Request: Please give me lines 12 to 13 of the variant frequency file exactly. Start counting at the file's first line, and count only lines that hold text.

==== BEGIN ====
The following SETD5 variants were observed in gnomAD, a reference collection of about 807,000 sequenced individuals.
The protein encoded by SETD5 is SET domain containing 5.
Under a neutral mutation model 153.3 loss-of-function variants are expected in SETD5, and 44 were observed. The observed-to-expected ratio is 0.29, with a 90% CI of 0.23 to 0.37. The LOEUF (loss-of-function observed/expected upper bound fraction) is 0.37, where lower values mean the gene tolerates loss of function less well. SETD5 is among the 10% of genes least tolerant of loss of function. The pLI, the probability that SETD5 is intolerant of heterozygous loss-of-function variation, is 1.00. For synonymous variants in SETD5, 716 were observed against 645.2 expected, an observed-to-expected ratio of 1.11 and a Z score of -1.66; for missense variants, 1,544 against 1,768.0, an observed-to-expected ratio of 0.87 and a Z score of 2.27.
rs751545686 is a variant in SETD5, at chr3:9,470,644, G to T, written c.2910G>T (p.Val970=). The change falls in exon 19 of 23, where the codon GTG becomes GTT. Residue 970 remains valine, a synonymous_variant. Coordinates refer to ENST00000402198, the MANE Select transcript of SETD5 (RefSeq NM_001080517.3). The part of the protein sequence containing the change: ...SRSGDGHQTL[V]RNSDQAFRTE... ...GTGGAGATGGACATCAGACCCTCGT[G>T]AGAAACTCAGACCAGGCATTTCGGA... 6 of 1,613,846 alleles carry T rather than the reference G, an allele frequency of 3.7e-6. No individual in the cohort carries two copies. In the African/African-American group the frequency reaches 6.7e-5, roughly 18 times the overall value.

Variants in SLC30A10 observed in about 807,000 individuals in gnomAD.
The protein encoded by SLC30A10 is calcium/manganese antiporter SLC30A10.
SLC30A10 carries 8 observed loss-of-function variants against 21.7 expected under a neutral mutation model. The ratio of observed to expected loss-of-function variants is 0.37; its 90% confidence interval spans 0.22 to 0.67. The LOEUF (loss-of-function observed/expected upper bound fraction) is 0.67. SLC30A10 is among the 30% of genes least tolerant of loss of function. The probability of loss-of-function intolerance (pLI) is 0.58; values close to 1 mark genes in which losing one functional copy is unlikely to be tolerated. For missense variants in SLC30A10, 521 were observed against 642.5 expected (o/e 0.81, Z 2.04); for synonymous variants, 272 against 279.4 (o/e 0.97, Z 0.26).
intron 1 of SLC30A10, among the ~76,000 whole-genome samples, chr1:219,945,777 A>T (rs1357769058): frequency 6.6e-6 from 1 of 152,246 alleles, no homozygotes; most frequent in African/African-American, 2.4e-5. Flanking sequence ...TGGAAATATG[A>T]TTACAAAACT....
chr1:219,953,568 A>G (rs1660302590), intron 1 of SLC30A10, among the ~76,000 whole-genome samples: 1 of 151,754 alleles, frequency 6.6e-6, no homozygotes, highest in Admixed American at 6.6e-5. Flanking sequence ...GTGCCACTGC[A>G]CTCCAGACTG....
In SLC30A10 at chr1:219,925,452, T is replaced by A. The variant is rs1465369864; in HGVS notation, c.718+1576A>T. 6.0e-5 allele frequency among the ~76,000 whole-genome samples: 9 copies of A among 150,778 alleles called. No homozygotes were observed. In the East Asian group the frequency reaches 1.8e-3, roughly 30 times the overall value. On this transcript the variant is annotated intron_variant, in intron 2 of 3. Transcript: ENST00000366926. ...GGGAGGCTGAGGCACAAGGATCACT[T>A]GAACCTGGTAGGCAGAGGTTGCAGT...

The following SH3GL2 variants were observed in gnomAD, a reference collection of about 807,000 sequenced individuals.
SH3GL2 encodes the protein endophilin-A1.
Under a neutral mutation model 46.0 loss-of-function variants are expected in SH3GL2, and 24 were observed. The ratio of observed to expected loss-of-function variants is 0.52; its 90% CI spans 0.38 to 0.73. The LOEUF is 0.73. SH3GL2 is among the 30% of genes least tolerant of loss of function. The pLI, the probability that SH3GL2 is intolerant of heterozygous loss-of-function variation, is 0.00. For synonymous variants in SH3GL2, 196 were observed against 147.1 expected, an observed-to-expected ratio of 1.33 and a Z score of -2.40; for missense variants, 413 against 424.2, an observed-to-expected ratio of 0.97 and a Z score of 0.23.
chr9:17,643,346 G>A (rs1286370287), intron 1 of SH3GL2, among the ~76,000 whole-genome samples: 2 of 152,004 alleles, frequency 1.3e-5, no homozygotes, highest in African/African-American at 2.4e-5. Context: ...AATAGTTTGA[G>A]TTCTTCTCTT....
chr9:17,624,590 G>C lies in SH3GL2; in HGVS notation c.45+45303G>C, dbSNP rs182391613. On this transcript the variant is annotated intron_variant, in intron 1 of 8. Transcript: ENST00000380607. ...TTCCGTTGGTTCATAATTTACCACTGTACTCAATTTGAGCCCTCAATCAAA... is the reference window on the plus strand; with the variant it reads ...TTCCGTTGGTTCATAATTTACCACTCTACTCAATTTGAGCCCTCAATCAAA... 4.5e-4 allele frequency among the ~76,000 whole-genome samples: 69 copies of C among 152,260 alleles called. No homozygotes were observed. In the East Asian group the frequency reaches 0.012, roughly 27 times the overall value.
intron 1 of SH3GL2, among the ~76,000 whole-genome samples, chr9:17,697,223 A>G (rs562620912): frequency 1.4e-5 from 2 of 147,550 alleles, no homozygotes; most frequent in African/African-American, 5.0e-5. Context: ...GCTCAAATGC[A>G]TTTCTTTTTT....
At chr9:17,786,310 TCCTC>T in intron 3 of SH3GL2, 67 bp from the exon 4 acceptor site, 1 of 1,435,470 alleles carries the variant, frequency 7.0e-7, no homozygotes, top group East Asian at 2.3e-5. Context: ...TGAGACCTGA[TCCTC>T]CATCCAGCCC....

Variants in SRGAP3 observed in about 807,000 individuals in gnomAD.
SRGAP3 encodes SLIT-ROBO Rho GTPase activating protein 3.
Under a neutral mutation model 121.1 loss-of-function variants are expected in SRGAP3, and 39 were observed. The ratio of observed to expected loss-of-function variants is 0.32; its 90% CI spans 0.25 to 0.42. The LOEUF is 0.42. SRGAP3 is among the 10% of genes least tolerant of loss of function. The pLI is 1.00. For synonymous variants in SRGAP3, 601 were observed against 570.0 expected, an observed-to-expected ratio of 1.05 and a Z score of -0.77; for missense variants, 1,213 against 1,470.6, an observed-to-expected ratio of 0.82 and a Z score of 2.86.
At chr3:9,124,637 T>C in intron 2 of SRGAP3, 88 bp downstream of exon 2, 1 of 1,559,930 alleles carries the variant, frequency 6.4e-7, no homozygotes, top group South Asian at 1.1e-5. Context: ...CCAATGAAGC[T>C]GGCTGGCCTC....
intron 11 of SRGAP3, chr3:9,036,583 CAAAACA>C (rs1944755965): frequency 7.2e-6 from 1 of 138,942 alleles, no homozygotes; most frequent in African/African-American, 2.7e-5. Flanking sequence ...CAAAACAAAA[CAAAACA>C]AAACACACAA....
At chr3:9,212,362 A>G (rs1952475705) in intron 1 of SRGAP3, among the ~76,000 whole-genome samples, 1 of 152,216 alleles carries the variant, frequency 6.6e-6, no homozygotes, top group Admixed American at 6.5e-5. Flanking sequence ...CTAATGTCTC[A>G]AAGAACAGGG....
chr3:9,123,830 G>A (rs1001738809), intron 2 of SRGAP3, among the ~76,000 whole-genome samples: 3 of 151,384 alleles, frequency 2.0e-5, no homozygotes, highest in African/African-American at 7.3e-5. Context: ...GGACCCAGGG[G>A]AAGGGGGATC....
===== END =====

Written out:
SH3GL2 encodes the protein endophilin-A1.
Under a neutral mutation model 46.0 loss-of-function variants are expected in SH3GL2, and 24 were observed. The ratio of observed to expected loss-of-function variants is 0.52; its 90% CI spans 0.38 to 0.73. The LOEUF is 0.73. SH3GL2 is among the 30% of genes least tolerant of loss of function. The pLI, the probability that SH3GL2 is intolerant of heterozygous loss-of-function variation, is 0.00. For synonymous variants in SH3GL2, 196 were observed against 147.1 expected, an observed-to-expected ratio of 1.33 and a Z score of -2.40; for missense variants, 413 against 424.2, an observed-to-expected ratio of 0.97 and a Z score of 0.23.